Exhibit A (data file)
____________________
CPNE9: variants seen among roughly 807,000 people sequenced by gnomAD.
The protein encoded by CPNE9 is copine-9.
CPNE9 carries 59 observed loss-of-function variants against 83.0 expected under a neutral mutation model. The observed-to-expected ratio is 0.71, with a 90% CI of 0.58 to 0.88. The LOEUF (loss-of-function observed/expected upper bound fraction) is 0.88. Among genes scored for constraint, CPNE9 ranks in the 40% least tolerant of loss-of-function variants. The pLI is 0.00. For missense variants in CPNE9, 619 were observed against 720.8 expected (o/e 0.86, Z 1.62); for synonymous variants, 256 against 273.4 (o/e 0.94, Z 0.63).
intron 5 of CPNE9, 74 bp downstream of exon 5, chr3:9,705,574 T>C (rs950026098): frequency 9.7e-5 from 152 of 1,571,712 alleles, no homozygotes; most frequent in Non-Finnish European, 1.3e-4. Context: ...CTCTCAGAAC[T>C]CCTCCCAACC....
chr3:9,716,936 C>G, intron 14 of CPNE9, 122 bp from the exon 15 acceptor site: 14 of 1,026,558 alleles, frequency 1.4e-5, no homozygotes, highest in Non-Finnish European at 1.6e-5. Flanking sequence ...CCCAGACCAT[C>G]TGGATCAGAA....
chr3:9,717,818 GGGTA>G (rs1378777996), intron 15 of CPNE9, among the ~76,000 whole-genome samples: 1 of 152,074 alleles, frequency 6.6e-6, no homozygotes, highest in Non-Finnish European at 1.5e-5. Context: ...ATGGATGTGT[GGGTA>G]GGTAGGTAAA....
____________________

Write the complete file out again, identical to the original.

CPNE9: variants seen among roughly 807,000 people sequenced by gnomAD.
The protein encoded by CPNE9 is copine-9.
CPNE9 carries 59 observed loss-of-function variants against 83.0 expected under a neutral mutation model. The observed-to-expected ratio is 0.71, with a 90% CI of 0.58 to 0.88. The LOEUF (loss-of-function observed/expected upper bound fraction) is 0.88. Among genes scored for constraint, CPNE9 ranks in the 40% least tolerant of loss-of-function variants. The pLI is 0.00. For missense variants in CPNE9, 619 were observed against 720.8 expected (o/e 0.86, Z 1.62); for synonymous variants, 256 against 273.4 (o/e 0.94, Z 0.63).
intron 5 of CPNE9, 74 bp downstream of exon 5, chr3:9,705,574 T>C (rs950026098): frequency 9.7e-5 from 152 of 1,571,712 alleles, no homozygotes; most frequent in Non-Finnish European, 1.3e-4. Context: ...CTCTCAGAAC[T>C]CCTCCCAACC....
chr3:9,716,936 C>G, intron 14 of CPNE9, 122 bp from the exon 15 acceptor site: 14 of 1,026,558 alleles, frequency 1.4e-5, no homozygotes, highest in Non-Finnish European at 1.6e-5. Flanking sequence ...CCCAGACCAT[C>G]TGGATCAGAA....
chr3:9,717,818 GGGTA>G (rs1378777996), intron 15 of CPNE9, among the ~76,000 whole-genome samples: 1 of 152,074 alleles, frequency 6.6e-6, no homozygotes, highest in Non-Finnish European at 1.5e-5. Context: ...ATGGATGTGT[GGGTA>G]GGTAGGTAAA....